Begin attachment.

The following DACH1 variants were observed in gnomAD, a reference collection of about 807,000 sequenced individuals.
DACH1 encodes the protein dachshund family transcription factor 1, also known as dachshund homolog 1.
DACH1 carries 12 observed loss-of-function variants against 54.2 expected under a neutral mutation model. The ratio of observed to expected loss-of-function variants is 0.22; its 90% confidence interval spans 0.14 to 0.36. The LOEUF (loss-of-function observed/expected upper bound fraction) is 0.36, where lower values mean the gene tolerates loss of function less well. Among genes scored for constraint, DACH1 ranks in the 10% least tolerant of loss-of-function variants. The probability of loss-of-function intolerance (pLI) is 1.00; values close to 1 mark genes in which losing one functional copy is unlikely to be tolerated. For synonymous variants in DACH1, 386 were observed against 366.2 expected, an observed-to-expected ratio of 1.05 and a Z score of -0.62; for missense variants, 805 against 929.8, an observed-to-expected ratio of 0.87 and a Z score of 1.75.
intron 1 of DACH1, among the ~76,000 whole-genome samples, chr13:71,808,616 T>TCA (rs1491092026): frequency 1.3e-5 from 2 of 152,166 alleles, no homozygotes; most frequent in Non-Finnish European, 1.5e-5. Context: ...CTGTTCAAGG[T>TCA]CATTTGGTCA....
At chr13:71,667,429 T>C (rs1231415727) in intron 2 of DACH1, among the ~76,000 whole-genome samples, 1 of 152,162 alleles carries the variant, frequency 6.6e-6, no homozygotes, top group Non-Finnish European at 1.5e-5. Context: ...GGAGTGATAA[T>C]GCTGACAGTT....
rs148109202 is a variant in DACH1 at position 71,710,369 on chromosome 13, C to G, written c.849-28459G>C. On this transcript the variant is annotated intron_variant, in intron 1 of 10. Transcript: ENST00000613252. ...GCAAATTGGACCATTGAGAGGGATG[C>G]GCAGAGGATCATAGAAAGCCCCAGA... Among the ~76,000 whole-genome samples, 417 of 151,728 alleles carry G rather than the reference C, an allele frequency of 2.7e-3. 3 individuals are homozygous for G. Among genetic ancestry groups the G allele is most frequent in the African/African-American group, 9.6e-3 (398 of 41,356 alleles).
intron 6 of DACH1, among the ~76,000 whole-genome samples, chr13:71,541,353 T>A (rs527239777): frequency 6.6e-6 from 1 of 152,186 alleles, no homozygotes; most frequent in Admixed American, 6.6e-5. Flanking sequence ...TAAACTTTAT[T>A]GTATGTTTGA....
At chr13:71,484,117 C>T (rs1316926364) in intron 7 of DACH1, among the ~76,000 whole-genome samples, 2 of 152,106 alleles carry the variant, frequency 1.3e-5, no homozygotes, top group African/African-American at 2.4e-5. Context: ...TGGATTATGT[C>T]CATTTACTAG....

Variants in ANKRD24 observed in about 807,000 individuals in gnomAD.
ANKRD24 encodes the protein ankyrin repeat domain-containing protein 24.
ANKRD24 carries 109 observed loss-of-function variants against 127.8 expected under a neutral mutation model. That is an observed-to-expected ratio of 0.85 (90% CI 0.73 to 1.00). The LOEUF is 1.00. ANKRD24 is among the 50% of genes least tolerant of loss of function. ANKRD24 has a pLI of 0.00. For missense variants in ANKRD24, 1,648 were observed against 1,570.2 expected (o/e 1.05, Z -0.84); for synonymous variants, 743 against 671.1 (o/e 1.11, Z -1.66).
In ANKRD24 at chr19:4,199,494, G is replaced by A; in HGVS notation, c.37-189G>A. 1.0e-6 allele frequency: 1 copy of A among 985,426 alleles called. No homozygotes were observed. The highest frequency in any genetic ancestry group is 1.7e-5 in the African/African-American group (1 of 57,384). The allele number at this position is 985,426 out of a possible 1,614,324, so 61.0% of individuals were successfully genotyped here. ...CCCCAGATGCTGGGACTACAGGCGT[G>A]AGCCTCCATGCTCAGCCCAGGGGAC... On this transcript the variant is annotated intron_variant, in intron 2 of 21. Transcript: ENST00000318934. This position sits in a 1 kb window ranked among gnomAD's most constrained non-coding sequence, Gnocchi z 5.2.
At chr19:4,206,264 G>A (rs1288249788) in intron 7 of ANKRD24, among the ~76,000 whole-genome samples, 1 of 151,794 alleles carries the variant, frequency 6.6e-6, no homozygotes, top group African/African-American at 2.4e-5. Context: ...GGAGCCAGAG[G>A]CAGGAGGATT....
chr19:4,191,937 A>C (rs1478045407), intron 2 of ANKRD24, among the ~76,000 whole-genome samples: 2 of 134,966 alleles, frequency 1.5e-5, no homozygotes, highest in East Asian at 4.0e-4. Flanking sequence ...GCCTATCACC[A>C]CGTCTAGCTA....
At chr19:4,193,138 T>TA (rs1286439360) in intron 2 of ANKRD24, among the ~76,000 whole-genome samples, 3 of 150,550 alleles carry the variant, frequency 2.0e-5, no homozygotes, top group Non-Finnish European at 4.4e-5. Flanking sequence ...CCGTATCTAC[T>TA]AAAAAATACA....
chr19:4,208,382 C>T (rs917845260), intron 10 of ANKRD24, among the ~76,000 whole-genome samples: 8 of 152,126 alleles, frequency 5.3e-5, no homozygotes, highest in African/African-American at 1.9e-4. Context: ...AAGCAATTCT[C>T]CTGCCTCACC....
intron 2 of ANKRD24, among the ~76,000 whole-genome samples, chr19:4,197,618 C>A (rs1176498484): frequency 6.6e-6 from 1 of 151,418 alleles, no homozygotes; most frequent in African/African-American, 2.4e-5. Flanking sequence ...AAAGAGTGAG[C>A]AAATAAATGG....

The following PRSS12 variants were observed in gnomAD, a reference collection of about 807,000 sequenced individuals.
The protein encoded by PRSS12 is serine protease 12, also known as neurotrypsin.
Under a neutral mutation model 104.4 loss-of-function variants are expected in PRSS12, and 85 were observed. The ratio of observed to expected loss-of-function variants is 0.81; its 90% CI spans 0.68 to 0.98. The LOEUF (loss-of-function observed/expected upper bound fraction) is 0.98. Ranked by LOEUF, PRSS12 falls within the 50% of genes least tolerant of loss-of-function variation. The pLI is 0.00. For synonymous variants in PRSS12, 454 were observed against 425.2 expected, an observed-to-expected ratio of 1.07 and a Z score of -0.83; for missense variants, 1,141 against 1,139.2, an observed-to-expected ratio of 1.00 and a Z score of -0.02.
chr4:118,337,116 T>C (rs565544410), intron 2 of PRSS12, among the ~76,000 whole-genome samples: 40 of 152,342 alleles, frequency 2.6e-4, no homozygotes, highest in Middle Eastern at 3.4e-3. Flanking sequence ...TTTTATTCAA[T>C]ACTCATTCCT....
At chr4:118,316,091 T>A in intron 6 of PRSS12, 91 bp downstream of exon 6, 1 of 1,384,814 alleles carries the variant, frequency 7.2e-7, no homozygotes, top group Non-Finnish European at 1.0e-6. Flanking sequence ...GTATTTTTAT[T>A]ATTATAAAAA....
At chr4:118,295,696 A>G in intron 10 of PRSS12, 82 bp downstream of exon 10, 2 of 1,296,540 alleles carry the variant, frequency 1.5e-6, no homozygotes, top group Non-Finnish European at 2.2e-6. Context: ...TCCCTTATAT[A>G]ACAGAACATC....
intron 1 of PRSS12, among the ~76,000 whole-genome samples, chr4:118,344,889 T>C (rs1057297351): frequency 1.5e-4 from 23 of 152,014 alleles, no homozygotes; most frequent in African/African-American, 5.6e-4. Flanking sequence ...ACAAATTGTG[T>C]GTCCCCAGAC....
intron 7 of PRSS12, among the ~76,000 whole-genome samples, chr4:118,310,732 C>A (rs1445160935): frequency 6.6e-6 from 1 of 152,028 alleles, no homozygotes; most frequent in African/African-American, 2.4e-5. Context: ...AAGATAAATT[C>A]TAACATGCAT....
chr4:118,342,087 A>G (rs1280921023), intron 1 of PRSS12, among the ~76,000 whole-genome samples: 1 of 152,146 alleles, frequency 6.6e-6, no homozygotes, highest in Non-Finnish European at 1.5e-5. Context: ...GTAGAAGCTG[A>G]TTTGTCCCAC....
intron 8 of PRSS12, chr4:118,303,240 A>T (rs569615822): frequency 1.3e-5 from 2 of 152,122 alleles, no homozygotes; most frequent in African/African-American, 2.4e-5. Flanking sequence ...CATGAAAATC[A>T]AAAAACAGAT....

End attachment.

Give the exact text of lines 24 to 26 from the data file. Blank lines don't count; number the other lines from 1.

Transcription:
intron 1 of PRSS12, among the ~76,000 whole-genome samples, chr4:118,344,889 T>C (rs1057297351): frequency 1.5e-4 from 23 of 152,014 alleles, no homozygotes; most frequent in African/African-American, 5.6e-4. Flanking sequence ...ACAAATTGTG[T>C]GTCCCCAGAC....
intron 7 of PRSS12, among the ~76,000 whole-genome samples, chr4:118,310,732 C>A (rs1445160935): frequency 6.6e-6 from 1 of 152,028 alleles, no homozygotes; most frequent in African/African-American, 2.4e-5. Context: ...AAGATAAATT[C>A]TAACATGCAT....
chr4:118,342,087 A>G (rs1280921023), intron 1 of PRSS12, among the ~76,000 whole-genome samples: 1 of 152,146 alleles, frequency 6.6e-6, no homozygotes, highest in Non-Finnish European at 1.5e-5. Context: ...GTAGAAGCTG[A>G]TTTGTCCCAC....